Lima is known for its great waves and is coined by many as the surfing capital of Peru. The city is set just inland from the Pacific Ocean. Lima’s outer neighborhoods hug the coastline and offer surfing opportunities galore. Miraflores is a trendy beachfront neighborhood and upscale destination with busy, sociable beaches. There are quieter spots, too, for advanced surfers looking for independent surf time. With year-round swells, off-peak surf trips are another answer for avoiding crowds. Surfboard rentals average around $10 per day, which is nice and cost-effective.
Looking for a lesson? Group lessons are priced at around $30, and private lessons are priced at about $60. There is plenty of flexibility with this, so shop around, and you’ll be sure to snag a cheaper deal. Miraflores is a surf lesson hotspot. You can always head down to watch the surfers and enquire about lessons while you are there.
25. Bike around Lima
We’ve talked about walking tours, but what about bike tours? A bike tour is a great way to explore Lima. It is a little quicker than on foot, yet still allows you to immerse yourself in the atmosphere and fresh air in a way that is less effective than on bus tours. It is also nice to stay active while traveling; a bit of exercise can work wonders for your mood.
Lima is full of bike paths, and cycling is scenic for viewing the city and its different neighborhoods. Organized bike tours range from $25 to $40 when booked online, typically running in the afternoon as a half-day activity. Of course, you could always embark on your own bike ride around Lima. Just rent a bike and download offline Google Maps or purchase a local SIM card to figure out directions without a local guide.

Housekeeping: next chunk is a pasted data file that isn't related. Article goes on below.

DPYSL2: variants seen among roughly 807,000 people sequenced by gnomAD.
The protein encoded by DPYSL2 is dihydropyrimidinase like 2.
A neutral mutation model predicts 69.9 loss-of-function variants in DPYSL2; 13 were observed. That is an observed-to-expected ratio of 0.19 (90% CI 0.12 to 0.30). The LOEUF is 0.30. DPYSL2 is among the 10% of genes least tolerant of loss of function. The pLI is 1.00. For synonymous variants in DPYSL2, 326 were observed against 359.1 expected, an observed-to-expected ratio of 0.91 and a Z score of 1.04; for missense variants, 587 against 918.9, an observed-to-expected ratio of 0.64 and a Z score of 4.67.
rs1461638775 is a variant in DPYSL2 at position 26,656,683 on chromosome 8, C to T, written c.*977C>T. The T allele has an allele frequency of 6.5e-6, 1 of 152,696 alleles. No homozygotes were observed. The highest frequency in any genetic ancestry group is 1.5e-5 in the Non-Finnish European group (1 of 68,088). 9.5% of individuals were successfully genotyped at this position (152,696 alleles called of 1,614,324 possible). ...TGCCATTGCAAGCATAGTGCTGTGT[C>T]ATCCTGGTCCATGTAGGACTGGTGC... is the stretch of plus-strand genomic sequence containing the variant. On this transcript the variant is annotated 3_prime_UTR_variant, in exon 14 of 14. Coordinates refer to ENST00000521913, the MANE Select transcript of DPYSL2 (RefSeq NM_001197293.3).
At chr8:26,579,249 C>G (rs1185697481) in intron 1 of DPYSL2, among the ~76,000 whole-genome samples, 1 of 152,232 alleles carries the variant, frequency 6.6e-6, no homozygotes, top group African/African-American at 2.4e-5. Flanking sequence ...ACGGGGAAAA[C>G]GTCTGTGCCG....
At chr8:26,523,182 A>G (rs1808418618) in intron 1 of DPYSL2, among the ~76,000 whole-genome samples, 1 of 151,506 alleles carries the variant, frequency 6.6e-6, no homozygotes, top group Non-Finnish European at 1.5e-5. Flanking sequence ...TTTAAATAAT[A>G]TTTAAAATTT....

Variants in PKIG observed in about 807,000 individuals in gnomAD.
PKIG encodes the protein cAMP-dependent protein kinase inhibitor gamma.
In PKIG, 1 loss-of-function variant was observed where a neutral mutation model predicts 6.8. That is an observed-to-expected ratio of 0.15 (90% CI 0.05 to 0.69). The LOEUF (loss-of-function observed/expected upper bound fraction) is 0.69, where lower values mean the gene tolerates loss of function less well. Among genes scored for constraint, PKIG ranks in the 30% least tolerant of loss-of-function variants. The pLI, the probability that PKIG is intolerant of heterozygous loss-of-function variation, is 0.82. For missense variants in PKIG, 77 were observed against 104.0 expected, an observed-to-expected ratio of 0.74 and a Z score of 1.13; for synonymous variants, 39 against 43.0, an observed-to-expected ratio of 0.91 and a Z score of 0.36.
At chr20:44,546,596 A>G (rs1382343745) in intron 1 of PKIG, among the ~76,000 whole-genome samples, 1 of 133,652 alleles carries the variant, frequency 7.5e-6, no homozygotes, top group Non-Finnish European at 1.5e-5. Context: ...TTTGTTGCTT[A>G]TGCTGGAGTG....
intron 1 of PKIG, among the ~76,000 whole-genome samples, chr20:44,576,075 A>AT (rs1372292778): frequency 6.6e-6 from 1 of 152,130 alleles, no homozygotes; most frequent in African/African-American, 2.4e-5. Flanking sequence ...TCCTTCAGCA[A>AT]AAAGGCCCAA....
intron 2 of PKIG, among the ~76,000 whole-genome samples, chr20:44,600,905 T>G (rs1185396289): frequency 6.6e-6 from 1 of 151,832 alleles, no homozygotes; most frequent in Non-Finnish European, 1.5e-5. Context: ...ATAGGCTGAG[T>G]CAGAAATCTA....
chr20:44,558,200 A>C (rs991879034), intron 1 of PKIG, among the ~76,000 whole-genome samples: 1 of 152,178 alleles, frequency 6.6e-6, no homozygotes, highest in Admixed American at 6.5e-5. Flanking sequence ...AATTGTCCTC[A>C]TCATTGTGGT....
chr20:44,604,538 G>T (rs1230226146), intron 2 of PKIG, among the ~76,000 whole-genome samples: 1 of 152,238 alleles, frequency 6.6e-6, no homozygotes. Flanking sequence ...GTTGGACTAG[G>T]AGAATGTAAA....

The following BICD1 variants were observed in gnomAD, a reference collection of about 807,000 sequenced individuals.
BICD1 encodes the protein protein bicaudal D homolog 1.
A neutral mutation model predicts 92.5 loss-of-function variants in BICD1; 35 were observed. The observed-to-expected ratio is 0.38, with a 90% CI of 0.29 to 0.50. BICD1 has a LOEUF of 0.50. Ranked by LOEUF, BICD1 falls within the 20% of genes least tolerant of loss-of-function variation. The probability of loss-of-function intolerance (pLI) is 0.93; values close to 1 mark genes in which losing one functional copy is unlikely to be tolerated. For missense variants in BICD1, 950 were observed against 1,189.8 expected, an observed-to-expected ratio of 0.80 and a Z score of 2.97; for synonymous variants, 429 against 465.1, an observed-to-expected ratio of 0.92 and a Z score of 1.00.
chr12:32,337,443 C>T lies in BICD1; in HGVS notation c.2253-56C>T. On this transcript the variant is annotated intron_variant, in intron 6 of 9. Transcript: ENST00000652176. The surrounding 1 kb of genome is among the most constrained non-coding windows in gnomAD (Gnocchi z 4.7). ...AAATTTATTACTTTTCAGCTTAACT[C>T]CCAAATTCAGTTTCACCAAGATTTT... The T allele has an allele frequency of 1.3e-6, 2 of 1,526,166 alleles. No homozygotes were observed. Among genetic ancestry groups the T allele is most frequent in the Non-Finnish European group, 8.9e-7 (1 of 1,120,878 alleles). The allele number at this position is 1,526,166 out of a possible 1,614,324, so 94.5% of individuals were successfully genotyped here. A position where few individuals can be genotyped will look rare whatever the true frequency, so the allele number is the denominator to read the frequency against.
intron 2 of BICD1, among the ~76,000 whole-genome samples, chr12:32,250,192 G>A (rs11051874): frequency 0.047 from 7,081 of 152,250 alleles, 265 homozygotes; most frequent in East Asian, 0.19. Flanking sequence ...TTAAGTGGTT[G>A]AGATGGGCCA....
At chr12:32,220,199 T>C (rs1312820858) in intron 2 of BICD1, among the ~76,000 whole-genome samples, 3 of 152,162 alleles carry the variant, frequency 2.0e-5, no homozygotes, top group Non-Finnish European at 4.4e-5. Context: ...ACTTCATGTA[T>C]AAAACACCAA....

Trip to Machu Picchu
Who hasn’t heard of Machu Picchu? This ancient city was once a booming inhabitation during the reign of the Inca Empire. A designated UNESCO world heritage site, Machu Picchu quickly rose to worldwide fame in modern years as a dream adventure destination. People either visit as a day trip or a multi-day expedition, hiking their way up to the mountain top base.
So, where does Lima come into this? If you are visiting the Peruvian capital, you’d want to take a detour to one of the country’s most popular attractions. You’ll likely be disappointed that Machu Picchu is so far from Lima. But visiting is still possible. If this sounds appealing, the easiest way is to add a flight to Cusco at the end of your trip to Lima. You can take a scenic 3.5-hour train from Cusco to Aqua Calientes, climbing the mountain to reach the ancient city.
Alternatively, you can book a multi-day tour package from Lima to Machu Picchu. Typically, these tours are planned as a loop, starting and ending in Lima but transporting you to Cusco first and then to the ancient city. Some tours even include hotel pick-up. You can check out our guide on planning a trip to Machu Picchu here.